For most of his life, former second lieutenant Ivan James McRae Jr., a B-25 pilot who was among the last of the Tuskegee Airmen, rarely spoke of his 1945 involvement in a standoff that helped end segregation in the U.S. military.
But when a white commander at Freeman Army Airfield, Indiana, ordered McRae and other black officers not to enter the post’s whites-only officers club — and to use the all-black club called “Uncle Tom’s Cabin” instead — McRae found himself at a critical moment of history.
McRae, a Harlem native who settled on Long Island after the war, and raised four children at his Dix Hills home, died there Nov. 29. He was 93.
What became known as the Freeman Field Mutiny was a series of peaceful demonstrations in April 1945 by black Army officers who had been transferred to the Midwest airfield after racial altercations at airfields in Michigan and throughout the South.
In all, more than 100 black officers were arrested for entering the officers club, or for refusing to formally accept the legitimacy of the club’s whites-only designation, according to a 1997 Air Force document.
“Many of the pilots …. had flown in Europe as fighter pilots and …. were refused the use of the Officers Club because of their color,” McRae said in a 2010 oral history he made with his granddaughter, Briana R. McRae.
The standoff persuaded the War Department to side with the protesters, and for the first time to place black officers in command of McRae’s all-black 477th Bombardment Group. Three years later, President Harry S. Truman signed Executive Order 9981, which ordered the end of racial segregation in the U.S. military.
“He never talked about it too much, because he considered the fighter pilots, who actually fought in Europe, to be the real heroes,” said Brian McRae, one of McRae’s three sons.
“In the short run, it led to greater segregation, because it removed white officers from the 477th,” said Daniel Haulman, who documents the Tuskegee Airmen for the Air Force Historical Research Agency. “But in the long run, it contributed to the desegregation of the Air Force and the military.”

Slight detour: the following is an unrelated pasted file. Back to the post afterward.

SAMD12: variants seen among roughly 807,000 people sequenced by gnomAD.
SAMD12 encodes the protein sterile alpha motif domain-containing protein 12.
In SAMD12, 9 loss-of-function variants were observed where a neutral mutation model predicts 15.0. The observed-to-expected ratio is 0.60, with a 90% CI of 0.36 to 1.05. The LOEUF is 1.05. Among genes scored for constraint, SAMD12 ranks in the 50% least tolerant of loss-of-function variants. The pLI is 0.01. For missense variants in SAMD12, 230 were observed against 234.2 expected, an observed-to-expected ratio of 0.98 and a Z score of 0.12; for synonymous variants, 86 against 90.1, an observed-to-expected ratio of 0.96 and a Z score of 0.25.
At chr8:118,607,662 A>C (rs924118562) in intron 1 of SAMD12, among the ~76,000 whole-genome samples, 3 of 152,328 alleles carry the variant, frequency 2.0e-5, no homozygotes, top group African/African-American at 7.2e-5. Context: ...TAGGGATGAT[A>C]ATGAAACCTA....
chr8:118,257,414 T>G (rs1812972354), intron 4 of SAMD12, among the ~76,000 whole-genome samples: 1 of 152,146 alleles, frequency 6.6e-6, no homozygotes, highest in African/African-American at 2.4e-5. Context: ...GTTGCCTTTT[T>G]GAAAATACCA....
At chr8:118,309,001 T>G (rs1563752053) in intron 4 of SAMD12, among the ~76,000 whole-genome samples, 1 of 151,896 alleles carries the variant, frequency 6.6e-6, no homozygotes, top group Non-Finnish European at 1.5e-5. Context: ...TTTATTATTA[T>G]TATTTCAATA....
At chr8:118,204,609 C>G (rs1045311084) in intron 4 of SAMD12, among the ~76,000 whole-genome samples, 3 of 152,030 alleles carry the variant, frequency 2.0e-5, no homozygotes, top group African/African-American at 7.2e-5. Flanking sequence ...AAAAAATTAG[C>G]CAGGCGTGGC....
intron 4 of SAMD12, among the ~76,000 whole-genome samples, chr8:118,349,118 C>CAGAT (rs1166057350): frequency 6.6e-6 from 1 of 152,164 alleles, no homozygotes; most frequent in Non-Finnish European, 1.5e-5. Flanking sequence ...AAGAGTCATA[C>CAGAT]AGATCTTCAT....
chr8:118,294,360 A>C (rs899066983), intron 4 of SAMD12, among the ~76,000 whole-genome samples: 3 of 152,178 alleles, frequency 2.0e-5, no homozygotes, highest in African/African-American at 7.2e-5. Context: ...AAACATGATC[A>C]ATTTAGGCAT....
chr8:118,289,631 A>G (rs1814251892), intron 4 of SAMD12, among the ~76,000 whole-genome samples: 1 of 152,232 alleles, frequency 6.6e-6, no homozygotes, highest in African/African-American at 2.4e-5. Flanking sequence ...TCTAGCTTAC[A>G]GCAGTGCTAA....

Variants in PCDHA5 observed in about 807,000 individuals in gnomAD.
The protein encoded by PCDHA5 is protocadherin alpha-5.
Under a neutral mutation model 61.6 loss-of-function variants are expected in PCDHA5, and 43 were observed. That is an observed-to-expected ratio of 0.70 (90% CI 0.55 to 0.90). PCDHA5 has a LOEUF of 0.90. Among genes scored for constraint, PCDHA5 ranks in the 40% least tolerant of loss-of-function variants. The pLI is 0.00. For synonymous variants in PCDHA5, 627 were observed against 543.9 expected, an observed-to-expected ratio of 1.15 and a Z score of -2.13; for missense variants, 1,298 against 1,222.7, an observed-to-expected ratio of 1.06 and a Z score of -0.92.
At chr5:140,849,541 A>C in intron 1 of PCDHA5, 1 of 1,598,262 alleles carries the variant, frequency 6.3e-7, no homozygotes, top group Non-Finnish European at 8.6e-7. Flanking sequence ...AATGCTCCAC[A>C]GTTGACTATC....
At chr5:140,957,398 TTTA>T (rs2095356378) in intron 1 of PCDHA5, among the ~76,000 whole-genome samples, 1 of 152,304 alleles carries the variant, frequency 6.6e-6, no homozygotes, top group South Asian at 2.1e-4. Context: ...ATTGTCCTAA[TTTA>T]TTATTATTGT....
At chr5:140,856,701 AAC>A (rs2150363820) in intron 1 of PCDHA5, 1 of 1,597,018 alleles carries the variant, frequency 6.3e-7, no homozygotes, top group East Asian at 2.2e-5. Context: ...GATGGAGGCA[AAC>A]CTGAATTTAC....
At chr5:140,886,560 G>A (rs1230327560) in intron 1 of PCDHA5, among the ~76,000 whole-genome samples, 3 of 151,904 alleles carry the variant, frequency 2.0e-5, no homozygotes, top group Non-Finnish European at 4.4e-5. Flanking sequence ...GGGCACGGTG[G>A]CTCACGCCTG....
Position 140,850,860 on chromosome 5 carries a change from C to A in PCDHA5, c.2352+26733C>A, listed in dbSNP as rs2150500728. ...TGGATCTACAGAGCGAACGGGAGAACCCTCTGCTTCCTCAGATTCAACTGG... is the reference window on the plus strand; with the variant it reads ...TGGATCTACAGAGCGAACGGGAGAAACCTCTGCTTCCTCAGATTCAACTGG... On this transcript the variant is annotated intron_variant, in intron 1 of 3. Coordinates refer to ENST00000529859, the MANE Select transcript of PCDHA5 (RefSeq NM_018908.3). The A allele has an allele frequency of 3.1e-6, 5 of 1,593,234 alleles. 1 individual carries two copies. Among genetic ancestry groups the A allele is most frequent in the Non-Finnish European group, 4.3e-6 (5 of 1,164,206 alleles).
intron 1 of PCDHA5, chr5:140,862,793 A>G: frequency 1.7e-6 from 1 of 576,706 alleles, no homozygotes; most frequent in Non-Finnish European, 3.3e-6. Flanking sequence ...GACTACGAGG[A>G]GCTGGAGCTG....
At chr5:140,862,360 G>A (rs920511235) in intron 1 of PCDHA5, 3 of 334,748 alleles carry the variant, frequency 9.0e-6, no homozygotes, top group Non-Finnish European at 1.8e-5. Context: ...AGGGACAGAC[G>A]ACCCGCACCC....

Born in Harlem to Jamaican immigrant parents, McRae was supporting himself as a railroad porter while studying mechanical engineering at Columbia University when America was pulled into World War II.
“I was down on the platform where the trains were when I could hear a lot of yelling and screaming up in the waiting room,” he said in the 2010 oral history. “I ran upstairs and they were talking about the attack on Pearl Harbor.”
He enlisted in the Army’s aviation cadet program, and in 1943 was selected for a first-ever program to include black men in pilot training, at Tuskegee Army Airfield in Alabama.
Too tall at 6-foot-1 to fly fighter planes, McRae earned his wings as a twin-engine bomber pilot on Dec. 28, 1944, just four months before the Freeman Field Mutiny. The all-black program’s 996 pilot graduates eventually became known as the Tuskegee Airmen.
Although he was in training for missions against Japan, the war’s end spared him from combat.
After his discharge as a second lieutenant, McRae completed his bachelor’s degree at Columbia in 1948, and married Marjorie Cox that October. The couple eventually settled on Long Island, where McRae worked for various defense-industry companies, including Fairchild Space and Defense Systems, in Farmingdale.
“The recognition for the service of the Tuskegee Airmen like Mr. McRae is long overdue,” then-Rep. Steve Israel (D-Huntington) said in 2010, while presenting McRae with a facsimile of the Congressional Gold Medal awarded collectively to the Tuskegee Airmen in 2007.
McRae is survived by his wife; sons Brian, of River Vale, New Jersey, Alan, of St. Albans, Queens, and Donald, of Dix Hills; and daughter Beverly McRae, of Dix Hills. He was cremated.